>>>>> cos term oscillate between 0 and 2 rather than -1 and +1 and then we
>> have
>>>>> the 1/2 in front of the Vn to get rid of the 2 making it between 0 and
>>>> Vn.
>>>>> However, as far as I can tell this is purely cosmetic. Is that correct?
>>>>>
>>>> ​I always thought of it more as making it *look* a little more like the
>>>> other bonded terms (which are harmonic, and have the 1/2 term in front
>> of
>>>> the force constant, and as a result have a minimum energy at 0). But
>>>> obviously the 1+ has no effect on forces, and the 1/2 can be pulled into
>>>> the Vn term (which, in Amber, it already is).
>>>>
>>>> As in I could ditch the 1/2, and ditch the 1+ and just have
>>>>> V[i,j].cos(n.theta-phi). The question is if that is true why don't we
>> do
>>>>> this - does anyone know?
>>>>>
>>>> ​At this stage, it would be historical.​
>>>>
>>>>
>>>> The issue arrises not in MD but when we try and refit the torsion
>> terms. If
>>>>> we try to fit energies against quantum energies we always have an
>> offset
>>>> in
>>>>> the mean due to the origins not matching - that doesn't matter since it
>>>>> would be constant during an MD run. However, if we are fitting Vn terms
>>>> the
>>>>> 1+cos term here causes our mean to drift as we adjust Vn. This is a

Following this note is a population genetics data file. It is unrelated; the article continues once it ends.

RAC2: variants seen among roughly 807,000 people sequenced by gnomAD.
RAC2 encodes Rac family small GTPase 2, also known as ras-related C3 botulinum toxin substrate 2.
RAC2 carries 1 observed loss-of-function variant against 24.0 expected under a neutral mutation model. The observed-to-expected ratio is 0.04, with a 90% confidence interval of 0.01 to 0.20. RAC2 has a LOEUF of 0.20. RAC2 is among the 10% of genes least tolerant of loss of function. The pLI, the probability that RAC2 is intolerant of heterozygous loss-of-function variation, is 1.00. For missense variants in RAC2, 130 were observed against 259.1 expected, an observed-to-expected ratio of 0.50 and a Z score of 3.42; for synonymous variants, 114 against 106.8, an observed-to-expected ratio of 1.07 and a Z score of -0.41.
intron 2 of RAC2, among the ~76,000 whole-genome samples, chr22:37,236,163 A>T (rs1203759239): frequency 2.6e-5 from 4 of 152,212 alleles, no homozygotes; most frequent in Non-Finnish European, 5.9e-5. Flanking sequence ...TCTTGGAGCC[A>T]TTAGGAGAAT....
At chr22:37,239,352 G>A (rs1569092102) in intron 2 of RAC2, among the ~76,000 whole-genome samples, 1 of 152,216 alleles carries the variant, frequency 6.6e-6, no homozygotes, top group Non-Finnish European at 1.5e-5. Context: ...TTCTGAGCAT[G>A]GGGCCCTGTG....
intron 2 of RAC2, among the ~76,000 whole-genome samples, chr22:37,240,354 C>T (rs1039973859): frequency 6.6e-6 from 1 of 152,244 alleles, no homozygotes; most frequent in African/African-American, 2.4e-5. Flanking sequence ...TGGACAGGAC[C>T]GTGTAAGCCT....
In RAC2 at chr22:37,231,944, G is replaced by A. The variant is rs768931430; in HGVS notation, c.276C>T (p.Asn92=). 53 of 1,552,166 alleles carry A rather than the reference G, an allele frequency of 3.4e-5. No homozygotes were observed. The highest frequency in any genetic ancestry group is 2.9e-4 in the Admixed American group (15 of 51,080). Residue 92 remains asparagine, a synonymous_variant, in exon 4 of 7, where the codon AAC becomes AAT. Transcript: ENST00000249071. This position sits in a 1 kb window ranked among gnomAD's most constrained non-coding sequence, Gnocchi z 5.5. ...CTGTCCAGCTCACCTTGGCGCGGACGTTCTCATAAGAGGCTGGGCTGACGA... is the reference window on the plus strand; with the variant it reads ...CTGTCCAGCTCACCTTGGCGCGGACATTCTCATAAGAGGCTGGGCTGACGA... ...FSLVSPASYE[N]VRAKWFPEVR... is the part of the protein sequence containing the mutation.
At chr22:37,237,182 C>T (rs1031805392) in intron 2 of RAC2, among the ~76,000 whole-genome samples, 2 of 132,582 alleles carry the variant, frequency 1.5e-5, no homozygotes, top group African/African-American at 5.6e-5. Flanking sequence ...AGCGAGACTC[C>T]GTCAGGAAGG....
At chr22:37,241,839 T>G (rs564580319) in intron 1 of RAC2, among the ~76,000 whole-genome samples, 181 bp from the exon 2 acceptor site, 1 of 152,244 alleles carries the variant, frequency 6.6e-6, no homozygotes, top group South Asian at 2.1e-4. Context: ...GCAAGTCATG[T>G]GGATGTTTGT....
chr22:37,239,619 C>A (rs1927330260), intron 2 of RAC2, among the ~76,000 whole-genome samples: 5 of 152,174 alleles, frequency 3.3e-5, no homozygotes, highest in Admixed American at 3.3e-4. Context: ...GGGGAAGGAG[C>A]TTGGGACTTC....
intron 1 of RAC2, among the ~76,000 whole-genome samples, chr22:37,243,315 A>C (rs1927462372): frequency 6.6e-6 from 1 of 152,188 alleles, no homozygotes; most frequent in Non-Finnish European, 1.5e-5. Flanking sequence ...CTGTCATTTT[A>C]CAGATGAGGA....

>> pain
>>>> in
>>>>> the butt when it comes to getting a good fit. Thus I propose to just
>> fit:
>>>>> Vn.cos(n.theta-phi) which, I believe would give perfectly transferable
>>>>> parameters to the 1+cos equation.
>>>>>
>>>> ​Lachele actually addressed this precise problem in her presentation at
>> the
>>>> Amber developer's meeting last year. The solution is simple: fit the
>>>> zero-periodicity term. That *gives* you an arbitrary constant to
>> improve
>>>> your fit -- it doesn't contribute to an overfitting problem and solves
>> the
>>>> issue you're describing. Then you're free to simply throw that term
>> away
>>>> when making the frcmod file since it has no effect on forces. It seems
>> to
>>>> me you are rediscovering her problems :). I'm sure she'd be happy to
>> share
>>>> her slides if she can find them and you wanted them. </throwing Lachele
>>>> under the bus>
>>>>
>>>> Am I missing anything here? - Is there any reason why we couldn't go the
>>>>> whole step and just ditch the 1/2 and 1+ terms from the entire force
>>>> field?
>>>>> - Seems to me all that would happen is for a given set of parameters
>> (say
>>>>> FF14SB) we just shift the energy origin but everything else would still
>>>>> work.
>>>>>
>>>> ​A couple things. If you do a QM scan, you're certainly not going to
>> get
>>>> an energy of zero at the midpoint -- the zero point energy will be
>>>> arbitrary. The easiest thing to do with your QM scan is simply scale
>> the
>>>> whole potential by the minimum energy value, which will give you the
>> same
>>>> minimum as the 1+cos() series at 0 (maybe that's why it's done?).
>>>>
>>>> Y
>>>> ​ou can fit however you'd like, but changing how Amber computes this
>>>> internally would break from how every other package calculates proper
>>>> torsions. It would make cross-program conversion validation much harder
>>>> than it currently is. This is a big deal IMO.
>>>>
>>>> All the best,
>>>> Jason
>>>>
>>>> --
>>>> Jason M. Swails
>>>> BioMaPS,
>>>> Rutgers University
>>>> Postdoctoral Researcher